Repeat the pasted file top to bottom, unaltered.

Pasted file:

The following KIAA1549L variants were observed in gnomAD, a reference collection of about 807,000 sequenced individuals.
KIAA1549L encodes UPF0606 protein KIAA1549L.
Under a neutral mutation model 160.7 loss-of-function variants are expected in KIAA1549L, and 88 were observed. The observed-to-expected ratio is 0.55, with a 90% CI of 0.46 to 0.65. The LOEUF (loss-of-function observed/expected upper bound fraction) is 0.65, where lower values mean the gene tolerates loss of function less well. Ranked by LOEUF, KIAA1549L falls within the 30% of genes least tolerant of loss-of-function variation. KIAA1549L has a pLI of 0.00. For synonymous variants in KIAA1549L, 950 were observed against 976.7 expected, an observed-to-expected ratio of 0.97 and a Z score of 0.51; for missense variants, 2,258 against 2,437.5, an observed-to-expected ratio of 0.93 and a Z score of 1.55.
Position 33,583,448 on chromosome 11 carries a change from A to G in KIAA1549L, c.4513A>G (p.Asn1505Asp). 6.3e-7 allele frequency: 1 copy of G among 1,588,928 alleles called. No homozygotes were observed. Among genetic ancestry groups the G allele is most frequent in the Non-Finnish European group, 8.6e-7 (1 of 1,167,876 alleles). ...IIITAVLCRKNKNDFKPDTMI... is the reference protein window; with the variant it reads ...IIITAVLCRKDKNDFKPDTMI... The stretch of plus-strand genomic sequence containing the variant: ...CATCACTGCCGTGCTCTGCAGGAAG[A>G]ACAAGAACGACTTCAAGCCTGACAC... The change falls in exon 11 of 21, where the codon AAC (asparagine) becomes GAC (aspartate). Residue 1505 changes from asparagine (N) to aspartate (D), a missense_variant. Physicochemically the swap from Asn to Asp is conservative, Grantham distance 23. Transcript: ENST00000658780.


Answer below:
The following KIAA1549L variants were observed in gnomAD, a reference collection of about 807,000 sequenced individuals.
KIAA1549L encodes UPF0606 protein KIAA1549L.
Under a neutral mutation model 160.7 loss-of-function variants are expected in KIAA1549L, and 88 were observed. The observed-to-expected ratio is 0.55, with a 90% CI of 0.46 to 0.65. The LOEUF (loss-of-function observed/expected upper bound fraction) is 0.65, where lower values mean the gene tolerates loss of function less well. Ranked by LOEUF, KIAA1549L falls within the 30% of genes least tolerant of loss-of-function variation. KIAA1549L has a pLI of 0.00. For synonymous variants in KIAA1549L, 950 were observed against 976.7 expected, an observed-to-expected ratio of 0.97 and a Z score of 0.51; for missense variants, 2,258 against 2,437.5, an observed-to-expected ratio of 0.93 and a Z score of 1.55.
Position 33,583,448 on chromosome 11 carries a change from A to G in KIAA1549L, c.4513A>G (p.Asn1505Asp). 6.3e-7 allele frequency: 1 copy of G among 1,588,928 alleles called. No homozygotes were observed. Among genetic ancestry groups the G allele is most frequent in the Non-Finnish European group, 8.6e-7 (1 of 1,167,876 alleles). ...IIITAVLCRKNKNDFKPDTMI... is the reference protein window; with the variant it reads ...IIITAVLCRKDKNDFKPDTMI... The stretch of plus-strand genomic sequence containing the variant: ...CATCACTGCCGTGCTCTGCAGGAAG[A>G]ACAAGAACGACTTCAAGCCTGACAC... The change falls in exon 11 of 21, where the codon AAC (asparagine) becomes GAC (aspartate). Residue 1505 changes from asparagine (N) to aspartate (D), a missense_variant. Physicochemically the swap from Asn to Asp is conservative, Grantham distance 23. Transcript: ENST00000658780.